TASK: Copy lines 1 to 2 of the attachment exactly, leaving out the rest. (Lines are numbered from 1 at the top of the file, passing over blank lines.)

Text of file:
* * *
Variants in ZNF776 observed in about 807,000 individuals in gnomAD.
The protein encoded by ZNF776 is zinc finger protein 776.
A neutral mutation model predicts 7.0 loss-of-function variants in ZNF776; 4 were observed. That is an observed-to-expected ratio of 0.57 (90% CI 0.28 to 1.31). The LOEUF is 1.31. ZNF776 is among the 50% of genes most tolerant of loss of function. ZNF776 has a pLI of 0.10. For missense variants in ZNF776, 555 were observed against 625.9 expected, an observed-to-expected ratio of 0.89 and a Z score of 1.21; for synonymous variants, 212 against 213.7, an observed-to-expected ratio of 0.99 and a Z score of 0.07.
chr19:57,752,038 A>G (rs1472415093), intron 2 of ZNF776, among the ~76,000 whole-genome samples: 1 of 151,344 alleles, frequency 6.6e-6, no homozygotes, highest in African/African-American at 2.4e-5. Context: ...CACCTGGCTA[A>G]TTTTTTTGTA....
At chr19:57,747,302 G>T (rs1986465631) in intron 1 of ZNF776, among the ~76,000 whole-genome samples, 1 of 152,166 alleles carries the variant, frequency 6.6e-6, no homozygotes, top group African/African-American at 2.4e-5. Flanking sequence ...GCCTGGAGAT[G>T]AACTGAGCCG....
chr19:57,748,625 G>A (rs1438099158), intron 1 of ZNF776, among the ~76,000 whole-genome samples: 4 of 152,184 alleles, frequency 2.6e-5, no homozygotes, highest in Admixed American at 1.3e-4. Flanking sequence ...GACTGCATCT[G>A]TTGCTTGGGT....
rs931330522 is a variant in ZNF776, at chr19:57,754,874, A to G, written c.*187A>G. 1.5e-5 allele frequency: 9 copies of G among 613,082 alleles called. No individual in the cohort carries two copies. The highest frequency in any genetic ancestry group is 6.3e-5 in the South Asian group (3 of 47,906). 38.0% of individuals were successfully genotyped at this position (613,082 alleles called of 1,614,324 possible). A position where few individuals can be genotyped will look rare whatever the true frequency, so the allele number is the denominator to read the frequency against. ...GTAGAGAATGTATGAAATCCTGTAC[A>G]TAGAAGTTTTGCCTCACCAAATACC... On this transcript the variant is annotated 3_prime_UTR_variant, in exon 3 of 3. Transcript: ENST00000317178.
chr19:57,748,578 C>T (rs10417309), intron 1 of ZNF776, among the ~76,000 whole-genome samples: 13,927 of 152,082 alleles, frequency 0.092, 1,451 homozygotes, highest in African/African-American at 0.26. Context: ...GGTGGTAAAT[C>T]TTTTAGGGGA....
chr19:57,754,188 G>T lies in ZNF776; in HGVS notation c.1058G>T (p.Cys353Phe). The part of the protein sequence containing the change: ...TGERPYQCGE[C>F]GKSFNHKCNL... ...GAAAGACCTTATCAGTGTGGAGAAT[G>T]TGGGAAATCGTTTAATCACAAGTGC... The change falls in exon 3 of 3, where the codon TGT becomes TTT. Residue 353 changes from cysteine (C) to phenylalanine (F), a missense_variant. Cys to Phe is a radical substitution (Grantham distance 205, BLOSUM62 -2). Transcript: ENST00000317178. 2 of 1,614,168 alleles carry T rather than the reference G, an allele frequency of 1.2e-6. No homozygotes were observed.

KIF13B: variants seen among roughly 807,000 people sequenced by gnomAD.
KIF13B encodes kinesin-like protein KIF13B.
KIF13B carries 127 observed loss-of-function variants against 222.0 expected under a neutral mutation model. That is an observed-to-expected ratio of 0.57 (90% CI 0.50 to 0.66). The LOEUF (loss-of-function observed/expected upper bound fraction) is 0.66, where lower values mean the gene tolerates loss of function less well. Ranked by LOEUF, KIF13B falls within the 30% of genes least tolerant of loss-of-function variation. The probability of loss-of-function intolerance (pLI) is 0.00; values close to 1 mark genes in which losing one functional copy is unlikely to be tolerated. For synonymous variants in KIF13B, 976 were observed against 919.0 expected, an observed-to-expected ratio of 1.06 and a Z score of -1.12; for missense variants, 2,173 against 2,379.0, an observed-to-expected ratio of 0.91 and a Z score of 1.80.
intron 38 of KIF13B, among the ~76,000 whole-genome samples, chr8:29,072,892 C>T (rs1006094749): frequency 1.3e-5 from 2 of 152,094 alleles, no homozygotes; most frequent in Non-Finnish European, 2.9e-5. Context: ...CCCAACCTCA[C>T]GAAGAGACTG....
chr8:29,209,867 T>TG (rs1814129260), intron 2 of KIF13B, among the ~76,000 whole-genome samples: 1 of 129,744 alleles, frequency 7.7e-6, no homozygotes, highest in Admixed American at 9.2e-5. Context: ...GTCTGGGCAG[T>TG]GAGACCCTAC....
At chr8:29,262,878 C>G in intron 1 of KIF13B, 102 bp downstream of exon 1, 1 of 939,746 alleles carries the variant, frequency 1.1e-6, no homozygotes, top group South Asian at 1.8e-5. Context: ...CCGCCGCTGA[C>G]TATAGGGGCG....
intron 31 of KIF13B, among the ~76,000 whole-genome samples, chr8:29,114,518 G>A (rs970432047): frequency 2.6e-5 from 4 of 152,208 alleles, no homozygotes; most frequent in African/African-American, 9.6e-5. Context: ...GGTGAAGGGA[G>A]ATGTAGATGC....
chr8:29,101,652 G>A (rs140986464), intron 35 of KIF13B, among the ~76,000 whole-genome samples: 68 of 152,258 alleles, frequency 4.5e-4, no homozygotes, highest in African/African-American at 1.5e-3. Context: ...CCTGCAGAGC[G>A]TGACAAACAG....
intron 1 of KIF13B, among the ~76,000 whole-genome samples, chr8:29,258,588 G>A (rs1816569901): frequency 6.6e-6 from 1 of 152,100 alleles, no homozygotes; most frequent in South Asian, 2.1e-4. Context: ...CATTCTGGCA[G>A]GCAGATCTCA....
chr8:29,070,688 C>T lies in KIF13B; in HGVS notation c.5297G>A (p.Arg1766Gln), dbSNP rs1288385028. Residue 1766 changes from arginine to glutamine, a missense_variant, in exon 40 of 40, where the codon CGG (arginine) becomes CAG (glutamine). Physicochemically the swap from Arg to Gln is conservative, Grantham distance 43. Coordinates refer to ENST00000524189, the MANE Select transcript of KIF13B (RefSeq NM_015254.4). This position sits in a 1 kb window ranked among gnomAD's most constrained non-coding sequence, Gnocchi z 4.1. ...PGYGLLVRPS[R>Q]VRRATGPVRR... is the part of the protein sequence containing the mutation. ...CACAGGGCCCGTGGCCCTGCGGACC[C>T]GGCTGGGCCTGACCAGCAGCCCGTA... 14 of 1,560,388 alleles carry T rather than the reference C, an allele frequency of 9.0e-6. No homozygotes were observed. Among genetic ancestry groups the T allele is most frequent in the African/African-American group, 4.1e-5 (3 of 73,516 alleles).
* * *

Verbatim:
Variants in ZNF776 observed in about 807,000 individuals in gnomAD.
The protein encoded by ZNF776 is zinc finger protein 776.